Updates & miscellaneous musings!

Saturday, July 09, 2005

Four legs good, two legs bad

Tonight I saw Margaret Cho at the Cal Poly Performing Arts Center with my mom, Gene, and my mom's friend Lois.

She was in town in connection this gay pride event they're having this weekend.
She was funny, and the guy opening for her (one Bruce Daniels) was pretty good too. Overall, I really enjoyed it, though I can't think of any way to aptly describe what I liked about it, since I couldn't possibly tell any of it as good as her, much less in writing.
The thing that bothered me though was the way both her and Bruce would occasionally make halfassed political statements to gain applause. I don't think it's bad for a comedian to be political, but I think if they do it had better be funny.
Making a joke about how morning after pills should be given to you with your bill at restaurants just to make a point that Bush can't control women is funny. But standing in front of a crowd in town for a gay pride fest and saying, "I support Gay Marriage!" during a lull just feels like pandering.

Today I got paid, which was of course nice, and I bought the Jonathan Strange and Mr. Norrell audio book, so I have something to keep me entertained (yet not too distracted) while working on my comic. I just barely finished my pages for this week, but I did and here they are. God, I wish anyone was reading it. I don't want to be an attention whore, but it sort of defeats the point of doing something like this if no one cares, and they don't. In a certain mood I'm tempted to just put up a notice saying "Cancelled due to lack of interest", but I guess that's rather premature and childish.
42 people have this journal friended, and 5 have that one, which is way more important to me. I don't get it.

A few nights ago we watched the 1954 cartoon of George Orwell's Animal Farm, because Angelo wanted to see it. I haven't read the book, but I found it kind of captivating and ended up watching it twice in a row, the second time alone and with the commentary track. The movie was (allegedly) actually funded by the CIA, who chose to play up its anti-Communist message and downplay its criticsms of capitalism. This is most evident in a tacked-on ending where the pigs, representing communists, are overthrown by the other animals they've oppressed.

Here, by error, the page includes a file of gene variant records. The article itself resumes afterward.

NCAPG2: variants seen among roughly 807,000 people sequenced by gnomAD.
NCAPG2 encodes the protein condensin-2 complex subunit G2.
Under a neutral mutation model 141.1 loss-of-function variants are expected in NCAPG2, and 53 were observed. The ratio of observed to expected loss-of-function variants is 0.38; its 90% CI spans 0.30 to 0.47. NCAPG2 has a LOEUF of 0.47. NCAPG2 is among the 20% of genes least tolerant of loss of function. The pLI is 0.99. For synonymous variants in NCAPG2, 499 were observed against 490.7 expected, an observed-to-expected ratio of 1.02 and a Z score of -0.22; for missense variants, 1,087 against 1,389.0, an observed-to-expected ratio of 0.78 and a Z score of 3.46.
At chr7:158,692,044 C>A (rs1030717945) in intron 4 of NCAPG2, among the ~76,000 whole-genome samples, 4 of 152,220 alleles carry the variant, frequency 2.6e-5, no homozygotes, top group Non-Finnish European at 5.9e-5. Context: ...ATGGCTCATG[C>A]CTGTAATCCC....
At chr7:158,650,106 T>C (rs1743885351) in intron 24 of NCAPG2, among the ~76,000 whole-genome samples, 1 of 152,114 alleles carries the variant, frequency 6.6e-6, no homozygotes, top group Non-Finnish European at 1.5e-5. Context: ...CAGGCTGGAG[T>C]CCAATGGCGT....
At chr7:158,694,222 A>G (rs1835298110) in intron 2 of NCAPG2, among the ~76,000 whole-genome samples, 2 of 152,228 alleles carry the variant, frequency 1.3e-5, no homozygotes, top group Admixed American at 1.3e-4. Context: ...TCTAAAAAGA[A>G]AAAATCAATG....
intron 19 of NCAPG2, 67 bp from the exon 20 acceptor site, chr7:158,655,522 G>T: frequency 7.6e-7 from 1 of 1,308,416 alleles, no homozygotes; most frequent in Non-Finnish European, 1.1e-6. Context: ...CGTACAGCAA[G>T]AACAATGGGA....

So, having finished that, I was happy to find that Hollywood had the second (and as far as I know, only other) adapatation of the story, done in 1999 with Babe-style effects courtesty of the Jim Henson Company and an all-star cast, with Patrick Stewart as Napoleon (pig-Stalin) and Kelsey Grammer as Snowball (pig-Trotsky). It's well filmed and well-acted, but manages to somehow be simultaneously less melodramatic and more heavy handed than its predecessor, which isn't a good combination.

Spoiler warning, for something written 50 years ago, but if you haven't read it I don't want to ruin it

When the Boxer the horse is sent to the glue factory in the cartoon, the donkey realizes where the van comes from, and chases after it baying in panic. The horse seems to bend the sides of the van as he hangs halfway out, thrashing back and forth in panic. The logo on the back is a skull and crossbones with the face of a horse.
In the live action version, the horse is calmly lead into the truck. Then they close the door and it says in giant letters GLUE FACTOR AND HORSE KILLER. All the animals look vaguely upset, and the van drives away.

But what really bothered me was the ending. The new one is actually MORE PRO-CAPITALIST THAN THE ONE FUNDED BY THE CIA.

The story is told through the eyes of a dog named Jessie (baaaaaaaaaaaaar). She flashes back to the main events of the story happening and then once everything important happens, she just tells us that the farm fell apart, with no real explanation. Then she goes back to the farm and her puppies, who had been brainwashed by Napoleon are, like, nice again somehow.
So far, stupid, but I can understand why they wanted it happy.
But here's the thing--
This Kennedyesque family moves in and takes over and Jessie says, "At long last we are free"

Apparently the lower classes need some "owners" to take care of them or everything just falls apart.
Even if you don't take the story as an allegory (which no one would do), it's still a horribly ending, because it means that all of the main characters' struggling was for nothing. Bleh.

I guess I should have been suspicious that the back of the box says, "Populated with a wide variety of barnyard animals, ANIMAL FARM is sure to leave the whole family squealing with delight."
Ah well.

Tomorrow I'm going back to Santa Cruz just for the night, because my dad and Jamie are going up there to see a concert, and someone should go try to keep Nikki's beastliness in check.


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Location: Oakland, CA, United States